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Darwin Correspondence Project

From Emma Darwin to W. D. Whitney   9 May [1875]1

Down, Beckenham, Kent.

May 9.

Dear Sir,

Mr Darwin begs me to tell you how very sorry he is not to see you here today; the more so as he must give up the hope of doing so on either of the days you mention, when he has engagements which he cannot forego.2

The truth is that he ought to be away from home & taking rest; but he is nearly at the point of finishing his book on Insectivorous Plants & is unwilling to leave it unfinished.3 I may add that he was quite ill last night after the exertion of having some friends in the house.4

He trusts you will give him another chance when next you are in England, & he hopes that you will be here again after your stay abroad & that you will write to him—

My dear Sir | yours very truly | Emma Darwin

Footnotes

The year is established by the reference to Insectivorous plants (see n. 3, below).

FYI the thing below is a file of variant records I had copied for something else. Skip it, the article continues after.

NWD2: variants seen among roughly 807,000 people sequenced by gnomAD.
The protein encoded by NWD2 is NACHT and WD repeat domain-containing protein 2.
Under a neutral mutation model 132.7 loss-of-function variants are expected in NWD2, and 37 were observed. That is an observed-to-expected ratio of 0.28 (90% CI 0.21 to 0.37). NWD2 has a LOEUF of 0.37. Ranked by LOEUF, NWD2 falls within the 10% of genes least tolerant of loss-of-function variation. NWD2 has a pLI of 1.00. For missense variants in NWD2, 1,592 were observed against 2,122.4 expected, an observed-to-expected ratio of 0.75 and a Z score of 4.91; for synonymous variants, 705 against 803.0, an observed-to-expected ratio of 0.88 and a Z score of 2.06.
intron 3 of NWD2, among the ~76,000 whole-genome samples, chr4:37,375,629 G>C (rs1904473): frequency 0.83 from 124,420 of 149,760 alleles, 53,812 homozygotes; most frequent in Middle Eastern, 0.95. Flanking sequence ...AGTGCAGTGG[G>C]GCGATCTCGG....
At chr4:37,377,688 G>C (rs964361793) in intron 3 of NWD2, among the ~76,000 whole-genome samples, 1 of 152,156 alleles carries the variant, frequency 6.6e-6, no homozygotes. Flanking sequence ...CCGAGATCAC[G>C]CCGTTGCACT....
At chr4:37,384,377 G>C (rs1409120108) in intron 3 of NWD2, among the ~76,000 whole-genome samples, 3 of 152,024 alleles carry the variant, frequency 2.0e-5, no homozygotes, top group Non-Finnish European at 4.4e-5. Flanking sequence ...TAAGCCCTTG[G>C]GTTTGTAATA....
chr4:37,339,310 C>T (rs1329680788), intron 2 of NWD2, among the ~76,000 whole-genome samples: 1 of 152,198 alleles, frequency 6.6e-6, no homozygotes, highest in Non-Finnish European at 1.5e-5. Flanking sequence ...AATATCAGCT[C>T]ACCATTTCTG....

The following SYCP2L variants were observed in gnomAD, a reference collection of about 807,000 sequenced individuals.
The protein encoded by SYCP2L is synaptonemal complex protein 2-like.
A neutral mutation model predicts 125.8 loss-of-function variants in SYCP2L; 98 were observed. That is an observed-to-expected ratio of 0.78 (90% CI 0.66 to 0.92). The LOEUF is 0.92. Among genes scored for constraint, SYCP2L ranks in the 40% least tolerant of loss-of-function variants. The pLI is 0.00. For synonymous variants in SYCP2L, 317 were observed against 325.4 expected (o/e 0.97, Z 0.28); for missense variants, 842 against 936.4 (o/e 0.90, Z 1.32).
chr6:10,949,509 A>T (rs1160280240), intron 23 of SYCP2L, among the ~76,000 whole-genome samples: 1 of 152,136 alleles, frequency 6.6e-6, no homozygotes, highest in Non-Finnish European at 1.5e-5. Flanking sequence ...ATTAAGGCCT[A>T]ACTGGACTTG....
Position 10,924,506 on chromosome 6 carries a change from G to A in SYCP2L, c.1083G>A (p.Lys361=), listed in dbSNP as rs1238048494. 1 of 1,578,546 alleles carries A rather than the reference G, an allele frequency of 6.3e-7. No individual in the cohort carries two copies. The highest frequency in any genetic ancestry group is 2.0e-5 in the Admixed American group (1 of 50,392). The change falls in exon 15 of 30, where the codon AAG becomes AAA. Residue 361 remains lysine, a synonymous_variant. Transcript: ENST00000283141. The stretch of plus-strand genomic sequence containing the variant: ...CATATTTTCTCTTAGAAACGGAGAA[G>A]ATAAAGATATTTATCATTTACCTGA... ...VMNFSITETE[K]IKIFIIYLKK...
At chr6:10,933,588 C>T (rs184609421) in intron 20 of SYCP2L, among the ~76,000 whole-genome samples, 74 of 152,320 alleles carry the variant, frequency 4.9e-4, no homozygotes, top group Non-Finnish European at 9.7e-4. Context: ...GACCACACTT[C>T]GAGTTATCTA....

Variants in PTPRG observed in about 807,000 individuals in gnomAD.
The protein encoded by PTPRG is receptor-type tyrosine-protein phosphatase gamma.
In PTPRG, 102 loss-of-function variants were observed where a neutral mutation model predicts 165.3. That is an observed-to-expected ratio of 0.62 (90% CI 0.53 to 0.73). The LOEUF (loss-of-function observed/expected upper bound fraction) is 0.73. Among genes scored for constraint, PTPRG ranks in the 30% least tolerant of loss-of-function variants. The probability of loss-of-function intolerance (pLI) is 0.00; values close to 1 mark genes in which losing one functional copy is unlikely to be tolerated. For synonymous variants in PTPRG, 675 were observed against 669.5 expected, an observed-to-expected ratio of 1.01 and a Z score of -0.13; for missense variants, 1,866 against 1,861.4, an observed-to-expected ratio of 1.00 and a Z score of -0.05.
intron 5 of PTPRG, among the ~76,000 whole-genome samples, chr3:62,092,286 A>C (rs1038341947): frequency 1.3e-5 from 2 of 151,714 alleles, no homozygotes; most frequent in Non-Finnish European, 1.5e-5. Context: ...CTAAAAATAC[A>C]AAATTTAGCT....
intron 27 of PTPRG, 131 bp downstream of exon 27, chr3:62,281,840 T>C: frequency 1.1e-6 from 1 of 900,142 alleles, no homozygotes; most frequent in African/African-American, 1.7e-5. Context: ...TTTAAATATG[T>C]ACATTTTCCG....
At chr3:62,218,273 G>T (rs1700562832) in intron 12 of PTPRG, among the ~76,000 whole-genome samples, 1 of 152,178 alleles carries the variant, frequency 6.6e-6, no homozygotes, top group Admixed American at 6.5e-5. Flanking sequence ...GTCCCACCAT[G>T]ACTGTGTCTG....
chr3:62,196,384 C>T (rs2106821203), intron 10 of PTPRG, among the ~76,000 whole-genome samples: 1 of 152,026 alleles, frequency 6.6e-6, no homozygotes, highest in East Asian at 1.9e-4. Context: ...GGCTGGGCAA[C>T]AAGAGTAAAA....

CD had invited Whitney to visit him at Down on 9 May 1875 (see telegram to W. D. Whitney, 8 May 1875). Whitney was staying in Ealing, a suburb of London, and hoped to see CD before returning to America, but he and CD did not meet (see letter from G. H. Darwin to W. D. Whitney, 21 December 1875).
CD recorded in his ‘Journal’ that he ‘finished slips of Insectivorous Plants’ on 23 May 1875 (see Appendix II).
Thomas Henry and Katherine Euphemia Farrer and Henrietta Emma and Richard Buckley Litchfield visited on Saturday 8 May 1875 (Emma Darwin’s diary (DAR 242)).

Bibliography

Insectivorous plants. By Charles Darwin. London: John Murray. 1875.

Summary

CD asks her to tell him how sorry he is not to be there to see Whitney today. He hopes that Whitney will give him another chance when next in England.

Please cite as

Darwin Correspondence Project, “Letter no. 9974F,” accessed on 19 June 2021, https://www.darwinproject.ac.uk/letter/DCP-LETT-9974F.xml

Also published in The Correspondence of Charles Darwin, vol. 23

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